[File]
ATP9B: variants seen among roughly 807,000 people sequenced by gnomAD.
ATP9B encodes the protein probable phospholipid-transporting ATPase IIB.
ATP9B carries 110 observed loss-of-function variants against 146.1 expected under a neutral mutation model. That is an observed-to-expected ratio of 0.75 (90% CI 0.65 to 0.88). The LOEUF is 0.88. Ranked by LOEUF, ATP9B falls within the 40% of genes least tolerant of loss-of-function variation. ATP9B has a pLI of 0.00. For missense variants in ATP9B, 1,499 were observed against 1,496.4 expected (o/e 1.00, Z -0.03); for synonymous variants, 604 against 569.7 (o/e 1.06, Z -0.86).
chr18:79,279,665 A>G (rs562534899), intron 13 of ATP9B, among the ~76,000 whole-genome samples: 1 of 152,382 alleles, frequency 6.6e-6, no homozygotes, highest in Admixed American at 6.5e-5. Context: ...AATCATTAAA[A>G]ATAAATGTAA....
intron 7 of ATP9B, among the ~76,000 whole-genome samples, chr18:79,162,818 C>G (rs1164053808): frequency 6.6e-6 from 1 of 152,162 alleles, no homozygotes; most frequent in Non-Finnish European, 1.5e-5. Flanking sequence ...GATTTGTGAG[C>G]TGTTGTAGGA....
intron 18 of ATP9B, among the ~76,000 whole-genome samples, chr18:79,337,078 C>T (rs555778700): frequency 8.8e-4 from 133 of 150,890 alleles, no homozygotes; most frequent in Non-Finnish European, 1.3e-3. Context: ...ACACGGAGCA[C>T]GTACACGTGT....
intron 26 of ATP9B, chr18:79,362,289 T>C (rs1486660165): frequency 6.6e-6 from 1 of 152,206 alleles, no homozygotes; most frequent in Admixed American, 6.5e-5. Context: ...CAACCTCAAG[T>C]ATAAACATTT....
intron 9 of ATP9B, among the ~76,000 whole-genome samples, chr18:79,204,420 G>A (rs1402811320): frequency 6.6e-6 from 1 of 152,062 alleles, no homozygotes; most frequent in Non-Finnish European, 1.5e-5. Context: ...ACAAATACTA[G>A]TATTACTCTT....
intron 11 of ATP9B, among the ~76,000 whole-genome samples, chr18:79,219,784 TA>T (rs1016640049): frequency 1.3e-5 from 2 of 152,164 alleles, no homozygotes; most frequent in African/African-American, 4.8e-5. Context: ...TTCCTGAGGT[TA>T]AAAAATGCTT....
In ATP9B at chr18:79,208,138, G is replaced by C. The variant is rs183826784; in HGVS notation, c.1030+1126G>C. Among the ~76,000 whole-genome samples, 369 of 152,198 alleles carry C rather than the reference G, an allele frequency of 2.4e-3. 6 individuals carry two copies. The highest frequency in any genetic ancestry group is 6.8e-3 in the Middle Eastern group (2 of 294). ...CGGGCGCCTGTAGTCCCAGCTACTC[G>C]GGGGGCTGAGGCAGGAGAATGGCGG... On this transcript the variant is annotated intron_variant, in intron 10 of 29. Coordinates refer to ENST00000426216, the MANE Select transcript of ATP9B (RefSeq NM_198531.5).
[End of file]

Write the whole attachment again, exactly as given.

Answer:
ATP9B: variants seen among roughly 807,000 people sequenced by gnomAD.
ATP9B encodes the protein probable phospholipid-transporting ATPase IIB.
ATP9B carries 110 observed loss-of-function variants against 146.1 expected under a neutral mutation model. That is an observed-to-expected ratio of 0.75 (90% CI 0.65 to 0.88). The LOEUF is 0.88. Ranked by LOEUF, ATP9B falls within the 40% of genes least tolerant of loss-of-function variation. ATP9B has a pLI of 0.00. For missense variants in ATP9B, 1,499 were observed against 1,496.4 expected (o/e 1.00, Z -0.03); for synonymous variants, 604 against 569.7 (o/e 1.06, Z -0.86).
chr18:79,279,665 A>G (rs562534899), intron 13 of ATP9B, among the ~76,000 whole-genome samples: 1 of 152,382 alleles, frequency 6.6e-6, no homozygotes, highest in Admixed American at 6.5e-5. Context: ...AATCATTAAA[A>G]ATAAATGTAA....
intron 7 of ATP9B, among the ~76,000 whole-genome samples, chr18:79,162,818 C>G (rs1164053808): frequency 6.6e-6 from 1 of 152,162 alleles, no homozygotes; most frequent in Non-Finnish European, 1.5e-5. Flanking sequence ...GATTTGTGAG[C>G]TGTTGTAGGA....
intron 18 of ATP9B, among the ~76,000 whole-genome samples, chr18:79,337,078 C>T (rs555778700): frequency 8.8e-4 from 133 of 150,890 alleles, no homozygotes; most frequent in Non-Finnish European, 1.3e-3. Context: ...ACACGGAGCA[C>T]GTACACGTGT....
intron 26 of ATP9B, chr18:79,362,289 T>C (rs1486660165): frequency 6.6e-6 from 1 of 152,206 alleles, no homozygotes; most frequent in Admixed American, 6.5e-5. Context: ...CAACCTCAAG[T>C]ATAAACATTT....
intron 9 of ATP9B, among the ~76,000 whole-genome samples, chr18:79,204,420 G>A (rs1402811320): frequency 6.6e-6 from 1 of 152,062 alleles, no homozygotes; most frequent in Non-Finnish European, 1.5e-5. Context: ...ACAAATACTA[G>A]TATTACTCTT....
intron 11 of ATP9B, among the ~76,000 whole-genome samples, chr18:79,219,784 TA>T (rs1016640049): frequency 1.3e-5 from 2 of 152,164 alleles, no homozygotes; most frequent in African/African-American, 4.8e-5. Context: ...TTCCTGAGGT[TA>T]AAAAATGCTT....
In ATP9B at chr18:79,208,138, G is replaced by C. The variant is rs183826784; in HGVS notation, c.1030+1126G>C. Among the ~76,000 whole-genome samples, 369 of 152,198 alleles carry C rather than the reference G, an allele frequency of 2.4e-3. 6 individuals carry two copies. The highest frequency in any genetic ancestry group is 6.8e-3 in the Middle Eastern group (2 of 294). ...CGGGCGCCTGTAGTCCCAGCTACTC[G>C]GGGGGCTGAGGCAGGAGAATGGCGG... On this transcript the variant is annotated intron_variant, in intron 10 of 29. Coordinates refer to ENST00000426216, the MANE Select transcript of ATP9B (RefSeq NM_198531.5).